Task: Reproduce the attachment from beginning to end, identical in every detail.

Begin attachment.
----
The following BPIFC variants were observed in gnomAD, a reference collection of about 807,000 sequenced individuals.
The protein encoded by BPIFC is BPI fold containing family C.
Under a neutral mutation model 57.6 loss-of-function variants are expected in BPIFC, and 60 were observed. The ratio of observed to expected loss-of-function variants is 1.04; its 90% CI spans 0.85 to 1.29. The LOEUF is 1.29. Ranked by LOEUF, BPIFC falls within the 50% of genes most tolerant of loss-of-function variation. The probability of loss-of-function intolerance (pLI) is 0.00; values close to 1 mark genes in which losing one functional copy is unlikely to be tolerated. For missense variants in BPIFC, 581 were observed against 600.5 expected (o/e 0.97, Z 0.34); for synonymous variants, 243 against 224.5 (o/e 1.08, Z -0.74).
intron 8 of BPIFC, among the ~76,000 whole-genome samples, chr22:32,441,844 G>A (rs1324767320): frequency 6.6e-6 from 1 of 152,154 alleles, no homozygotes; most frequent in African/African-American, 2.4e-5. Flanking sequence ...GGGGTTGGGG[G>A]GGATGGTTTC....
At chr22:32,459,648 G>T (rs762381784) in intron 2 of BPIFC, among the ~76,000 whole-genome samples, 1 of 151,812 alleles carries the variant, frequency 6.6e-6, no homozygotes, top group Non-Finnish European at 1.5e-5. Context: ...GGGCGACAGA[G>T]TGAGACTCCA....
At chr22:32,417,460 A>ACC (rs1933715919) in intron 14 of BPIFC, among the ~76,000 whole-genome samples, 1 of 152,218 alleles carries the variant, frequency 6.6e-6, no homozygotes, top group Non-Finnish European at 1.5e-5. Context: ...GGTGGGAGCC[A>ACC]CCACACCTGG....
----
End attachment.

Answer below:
The following BPIFC variants were observed in gnomAD, a reference collection of about 807,000 sequenced individuals.
The protein encoded by BPIFC is BPI fold containing family C.
Under a neutral mutation model 57.6 loss-of-function variants are expected in BPIFC, and 60 were observed. The ratio of observed to expected loss-of-function variants is 1.04; its 90% CI spans 0.85 to 1.29. The LOEUF is 1.29. Ranked by LOEUF, BPIFC falls within the 50% of genes most tolerant of loss-of-function variation. The probability of loss-of-function intolerance (pLI) is 0.00; values close to 1 mark genes in which losing one functional copy is unlikely to be tolerated. For missense variants in BPIFC, 581 were observed against 600.5 expected (o/e 0.97, Z 0.34); for synonymous variants, 243 against 224.5 (o/e 1.08, Z -0.74).
intron 8 of BPIFC, among the ~76,000 whole-genome samples, chr22:32,441,844 G>A (rs1324767320): frequency 6.6e-6 from 1 of 152,154 alleles, no homozygotes; most frequent in African/African-American, 2.4e-5. Flanking sequence ...GGGGTTGGGG[G>A]GGATGGTTTC....
At chr22:32,459,648 G>T (rs762381784) in intron 2 of BPIFC, among the ~76,000 whole-genome samples, 1 of 151,812 alleles carries the variant, frequency 6.6e-6, no homozygotes, top group Non-Finnish European at 1.5e-5. Context: ...GGGCGACAGA[G>T]TGAGACTCCA....
At chr22:32,417,460 A>ACC (rs1933715919) in intron 14 of BPIFC, among the ~76,000 whole-genome samples, 1 of 152,218 alleles carries the variant, frequency 6.6e-6, no homozygotes, top group Non-Finnish European at 1.5e-5. Context: ...GGTGGGAGCC[A>ACC]CCACACCTGG....